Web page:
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View remote log files with Console and ssh UNIX
Ever wanted to grab a log file entries from a remote machine on your local machine? Here's one way to do it. In Terminal, connected to a remote host, run tail -f on the log file you want to view, and then direct the output to a local file with a .log extension. For example:
$ ssh remotehost "tail -f /var/log/httpd/access.log" >> remote-httpd.log
(You'll have to replace remotehost with the full name/IP address of the remote host, obviously.) Note that the command will not return a command prompt. Now launch Console, use File: Open within the application, and point it to the local file with the .log extension you named in the Terminal command.

Now you can use Console's features to view your remote log files in real time. When you want to stop the logging, switch back to Terminal and hit Control-C to stop the ssh command that is sitting in your Terminal window.
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View remote log files with Console and ssh
Authored by: mayo2ca on Jul 11, '06 11:16:57AM

Pointing out the obvious here, but if you are cool with seeing it in terminal, remove the ">> remote-httpd.log" bit and you'll see your log in terminal in tail.



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View remote log files with Console and ssh
Authored by: legacyb4 on Jul 11, '06 10:40:13PM

Goes without saying that you can only view logs that you have permissions for...

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lumine.net



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View remote log files with Console and ssh
Authored by: legacyb4 on Jul 11, '06 10:43:58PM

Modify the command to be "sudo tail -f..." and you will be prompted for a sudo password.

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lumine.net



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View remote log files with Console and ssh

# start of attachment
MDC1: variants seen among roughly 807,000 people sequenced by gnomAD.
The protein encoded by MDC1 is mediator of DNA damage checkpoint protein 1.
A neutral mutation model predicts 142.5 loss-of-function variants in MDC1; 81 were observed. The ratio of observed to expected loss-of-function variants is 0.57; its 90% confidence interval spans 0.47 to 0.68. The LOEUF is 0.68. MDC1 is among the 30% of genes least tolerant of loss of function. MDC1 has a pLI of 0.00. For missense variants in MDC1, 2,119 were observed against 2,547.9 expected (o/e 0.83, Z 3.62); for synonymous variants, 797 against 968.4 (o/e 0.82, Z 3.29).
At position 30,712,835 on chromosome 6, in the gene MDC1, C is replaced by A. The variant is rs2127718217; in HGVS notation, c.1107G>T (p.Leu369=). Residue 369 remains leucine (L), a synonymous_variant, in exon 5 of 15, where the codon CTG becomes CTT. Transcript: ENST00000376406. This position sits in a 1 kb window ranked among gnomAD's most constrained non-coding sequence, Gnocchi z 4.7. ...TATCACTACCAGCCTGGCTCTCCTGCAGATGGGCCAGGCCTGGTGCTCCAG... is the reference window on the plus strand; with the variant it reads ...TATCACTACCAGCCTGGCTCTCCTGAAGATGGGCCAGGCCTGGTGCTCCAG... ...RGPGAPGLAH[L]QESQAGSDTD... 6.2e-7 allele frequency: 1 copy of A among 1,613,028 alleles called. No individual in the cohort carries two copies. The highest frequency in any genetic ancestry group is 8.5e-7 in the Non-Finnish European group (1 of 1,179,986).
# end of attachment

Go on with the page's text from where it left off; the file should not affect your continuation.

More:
Authored by: ianeiloart on Jul 12, '06 02:24:57AM

This is a very cool tip. Of course, if you're happy with viewing the logs in the Terminal, you just shell in and tail the log.

Here's a few related tips:

Put the local copy of the log in

~Library/Logs/Remote
and you can use Console's "File...Open Quickly" feature.

If the log doesn't get updated frequently, you can use Console's alert features (see "Console...Preferences") - either bounce the icon in the dock or bring the window to the front when an event is logged.

Console's filter feature is good - type a word in the title bar, and only matching lines will be displayed. Unfortunately, all log updates will trigger the alerts - not just matching lines.

If you want to be alerted to specific events (like a rejection in a mail log), then use a command like this in conjunction with Console's alert features:

ssh mailserver "tail -f /var/exim/log/exim_smtp_mainlog" | grep 'rejected' >> Library/Logs/Remote/mailserver.smtp.log

Only matching lines will be put into the local copy. You can use egrep to do sophisticated pattern matching, if you like. For example:

ssh mailserver "tail -f /var/exim/log/exim_smtp_mainlog" | egrep -i 'apple|banana' >> Library/Logs/Remote/mailserver.smtp.log

will match lines containing either apple or banana, with case insensitivity.

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Ian Eiloart

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